Clean the home, cook, care for children and the elderly. Walk the dog. Massage employer. Help at employer's business. Which of these should not be a domestic worker's duty? The rules should be clearer.
On balmy nights, a Filipino domestic worker in Yishun walks the many dogs that her employer takes in as a pet boarder.
Over in town, in Circular Road, amaid who has already spent hours cooking and cleaning in her employer's home does a double shift at the employer's restaurant as a member of the wait staff. She gets a grand total of five hours off each month. After nine months, she runs away from her employers.
Domestic helpers these days have become jills of all trades. But while that sounds like good news for the one in five resident households here employing a maid, overtaxing them can actually hurt loved ones.
This issue of domestic helpers' duties came under the spotlight earlier this month, when a judge wondered if it was "the system's fault" that a maid dropped a suction cap down a disabled boy's throat.
Kusrini Caslan Arja, 37, was trying to remove phlegm from the four-year-old's windpipe when the suction cap fell down his throat. Her attempts to pull it out caused him to bleed. She was sentenced to four months' jail last week. The prosecution had asked for 18 months.
District Judge Low Wee Ping said: "We employ domestic maids to be car washers, gardeners, plumbers, nurses, when they should not. When they do something wrong, we point fault at them."
One reason for maids' expansive job scopes is that the rules are vague. The Employment of Foreign Manpower Act says that foreigners employed as domestic workers can only "perform household and domestic duties at the residential address as stated in the work permit".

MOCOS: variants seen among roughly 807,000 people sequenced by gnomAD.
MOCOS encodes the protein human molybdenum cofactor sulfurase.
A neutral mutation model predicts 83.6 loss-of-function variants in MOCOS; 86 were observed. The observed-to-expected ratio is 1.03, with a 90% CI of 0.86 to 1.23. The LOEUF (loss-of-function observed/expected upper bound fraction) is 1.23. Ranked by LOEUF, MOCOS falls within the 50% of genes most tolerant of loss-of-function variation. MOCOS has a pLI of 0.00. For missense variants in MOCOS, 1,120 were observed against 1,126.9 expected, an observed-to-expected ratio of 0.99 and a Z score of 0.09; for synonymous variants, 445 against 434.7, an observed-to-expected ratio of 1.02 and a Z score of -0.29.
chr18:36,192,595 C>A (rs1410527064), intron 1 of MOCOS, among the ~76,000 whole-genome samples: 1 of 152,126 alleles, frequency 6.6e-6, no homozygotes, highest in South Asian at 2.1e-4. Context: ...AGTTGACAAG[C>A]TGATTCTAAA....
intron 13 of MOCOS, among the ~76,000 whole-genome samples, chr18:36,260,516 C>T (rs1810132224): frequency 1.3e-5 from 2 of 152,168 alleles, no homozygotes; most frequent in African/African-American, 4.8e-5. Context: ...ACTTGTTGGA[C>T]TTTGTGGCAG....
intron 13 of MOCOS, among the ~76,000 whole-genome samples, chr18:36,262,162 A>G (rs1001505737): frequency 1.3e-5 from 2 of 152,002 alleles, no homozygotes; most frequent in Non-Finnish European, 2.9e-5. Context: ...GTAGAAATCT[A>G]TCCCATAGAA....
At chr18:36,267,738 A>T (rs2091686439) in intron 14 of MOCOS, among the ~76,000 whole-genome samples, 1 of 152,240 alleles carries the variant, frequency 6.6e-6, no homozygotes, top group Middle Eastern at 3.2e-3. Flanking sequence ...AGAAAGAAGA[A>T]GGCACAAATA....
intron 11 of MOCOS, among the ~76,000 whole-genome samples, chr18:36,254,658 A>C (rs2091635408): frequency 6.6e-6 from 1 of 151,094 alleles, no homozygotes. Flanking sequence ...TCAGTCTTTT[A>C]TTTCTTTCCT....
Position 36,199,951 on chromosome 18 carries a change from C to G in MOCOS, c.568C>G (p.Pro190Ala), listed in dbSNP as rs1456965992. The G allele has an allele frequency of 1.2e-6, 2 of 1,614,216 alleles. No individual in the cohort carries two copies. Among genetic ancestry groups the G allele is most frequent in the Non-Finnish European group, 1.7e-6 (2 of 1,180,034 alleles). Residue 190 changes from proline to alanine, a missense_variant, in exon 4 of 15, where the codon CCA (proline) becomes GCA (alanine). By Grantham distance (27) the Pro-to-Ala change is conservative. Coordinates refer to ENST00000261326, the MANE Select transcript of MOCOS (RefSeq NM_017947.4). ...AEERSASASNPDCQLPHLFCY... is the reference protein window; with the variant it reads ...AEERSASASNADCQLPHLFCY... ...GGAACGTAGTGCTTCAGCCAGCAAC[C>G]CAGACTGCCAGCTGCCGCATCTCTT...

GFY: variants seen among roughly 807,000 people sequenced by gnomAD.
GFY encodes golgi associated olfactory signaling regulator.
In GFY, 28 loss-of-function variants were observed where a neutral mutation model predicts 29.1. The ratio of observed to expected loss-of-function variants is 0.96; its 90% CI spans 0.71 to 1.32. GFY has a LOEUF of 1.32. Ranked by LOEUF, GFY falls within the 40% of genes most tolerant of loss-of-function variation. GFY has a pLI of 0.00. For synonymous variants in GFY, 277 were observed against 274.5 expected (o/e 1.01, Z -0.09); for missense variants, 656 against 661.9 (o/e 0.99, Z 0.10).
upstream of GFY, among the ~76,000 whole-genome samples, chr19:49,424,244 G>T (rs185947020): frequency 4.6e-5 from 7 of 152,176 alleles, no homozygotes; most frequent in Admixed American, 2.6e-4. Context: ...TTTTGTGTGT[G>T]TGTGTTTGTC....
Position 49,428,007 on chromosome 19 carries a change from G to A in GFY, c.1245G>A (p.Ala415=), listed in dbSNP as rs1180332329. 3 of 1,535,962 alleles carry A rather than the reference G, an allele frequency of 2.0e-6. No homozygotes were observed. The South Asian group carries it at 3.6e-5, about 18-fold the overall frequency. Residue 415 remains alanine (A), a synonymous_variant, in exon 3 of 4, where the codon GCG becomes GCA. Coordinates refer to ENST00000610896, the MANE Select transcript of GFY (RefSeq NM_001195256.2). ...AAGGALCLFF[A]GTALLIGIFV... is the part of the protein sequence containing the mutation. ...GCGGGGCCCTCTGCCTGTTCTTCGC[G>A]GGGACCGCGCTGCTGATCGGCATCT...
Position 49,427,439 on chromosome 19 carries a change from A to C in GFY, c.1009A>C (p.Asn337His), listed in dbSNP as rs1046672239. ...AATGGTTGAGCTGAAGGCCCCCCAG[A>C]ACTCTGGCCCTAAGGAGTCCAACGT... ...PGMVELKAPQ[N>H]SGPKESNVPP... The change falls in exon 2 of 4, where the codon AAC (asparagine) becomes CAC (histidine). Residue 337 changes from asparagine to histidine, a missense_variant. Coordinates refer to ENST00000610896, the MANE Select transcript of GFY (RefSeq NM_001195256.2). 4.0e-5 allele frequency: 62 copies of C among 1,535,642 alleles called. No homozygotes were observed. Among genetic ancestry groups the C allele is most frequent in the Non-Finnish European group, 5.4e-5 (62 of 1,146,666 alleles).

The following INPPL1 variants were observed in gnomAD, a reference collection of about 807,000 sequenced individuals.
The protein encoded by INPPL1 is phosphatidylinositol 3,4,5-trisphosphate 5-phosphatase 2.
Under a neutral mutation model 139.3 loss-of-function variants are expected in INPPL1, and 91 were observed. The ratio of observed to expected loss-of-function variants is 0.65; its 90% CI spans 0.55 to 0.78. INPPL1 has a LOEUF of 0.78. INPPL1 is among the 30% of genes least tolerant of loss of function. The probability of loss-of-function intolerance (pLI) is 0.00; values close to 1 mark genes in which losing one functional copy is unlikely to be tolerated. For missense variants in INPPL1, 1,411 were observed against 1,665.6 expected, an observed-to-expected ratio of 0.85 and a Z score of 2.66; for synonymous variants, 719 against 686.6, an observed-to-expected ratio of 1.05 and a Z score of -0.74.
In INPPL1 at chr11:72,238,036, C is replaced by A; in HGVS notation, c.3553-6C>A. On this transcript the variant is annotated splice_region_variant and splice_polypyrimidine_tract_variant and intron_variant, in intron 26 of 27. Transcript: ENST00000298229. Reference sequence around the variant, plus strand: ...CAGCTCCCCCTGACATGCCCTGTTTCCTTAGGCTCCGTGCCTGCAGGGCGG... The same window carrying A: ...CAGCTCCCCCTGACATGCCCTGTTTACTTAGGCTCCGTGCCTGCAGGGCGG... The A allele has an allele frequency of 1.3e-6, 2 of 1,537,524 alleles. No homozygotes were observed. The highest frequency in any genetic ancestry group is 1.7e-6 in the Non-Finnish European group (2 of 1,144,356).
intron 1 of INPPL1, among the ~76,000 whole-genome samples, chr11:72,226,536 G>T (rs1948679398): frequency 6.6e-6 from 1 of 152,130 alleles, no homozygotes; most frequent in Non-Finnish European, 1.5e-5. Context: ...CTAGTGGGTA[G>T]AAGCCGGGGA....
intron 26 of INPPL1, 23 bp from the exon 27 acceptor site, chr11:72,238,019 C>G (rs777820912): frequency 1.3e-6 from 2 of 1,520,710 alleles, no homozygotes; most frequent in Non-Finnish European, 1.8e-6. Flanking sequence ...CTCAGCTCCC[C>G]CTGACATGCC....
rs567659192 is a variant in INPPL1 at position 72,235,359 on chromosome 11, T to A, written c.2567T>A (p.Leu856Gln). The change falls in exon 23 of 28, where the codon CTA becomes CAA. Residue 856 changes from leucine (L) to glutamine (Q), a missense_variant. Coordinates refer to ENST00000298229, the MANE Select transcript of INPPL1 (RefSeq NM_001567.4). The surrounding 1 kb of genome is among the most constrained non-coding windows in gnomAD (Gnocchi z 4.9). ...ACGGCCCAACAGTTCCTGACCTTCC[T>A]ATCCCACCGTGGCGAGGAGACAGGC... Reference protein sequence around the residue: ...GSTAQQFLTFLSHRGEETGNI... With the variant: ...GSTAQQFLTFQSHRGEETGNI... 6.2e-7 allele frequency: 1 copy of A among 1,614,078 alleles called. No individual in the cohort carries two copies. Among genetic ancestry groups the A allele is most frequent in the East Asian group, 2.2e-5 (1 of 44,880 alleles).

What constitutes "household and domestic duties"? Without clarity, employers' whims and fancies dictate maids' duties.
"The reality is that employers have significant power over domestic workers," said Dr Walter Theseira, economist and senior lecturer at Singapore University of Social Sciences.
Because there is a ready supply of domestic workers, employers get to send them home at will - which is costly for the maid who has paid fees to secure her job, he said.
FLEXIBILITY A DOUBLE-EDGED SWORD
The Manpower Ministry wants to give employers flexibility, said Mr Jolovan Wham, acting executive director for the Humanitarian Organisation for Migration Economics, and is "therefore reluctant to restrict what domestic workers can and can't do".
Singapore can do better in defining domestic workers' duties, rather than leaving maids at the mercy of employers' demands.
Among the ludicrous roles that Mr Jolovan Wham has heard of in his interactions with maids over the past 12 years are: masseuse, Kumon-style tutor and assistant to a temple medium performing rites.
Indeed, while younger families may need a domestic worker to help out with household chores and child-minding, those with ailing parents need someone to bathe and change the clothes of the elderly and give them medication. Those with disabled family members need help with caregiving duties, some of which may require special medical training.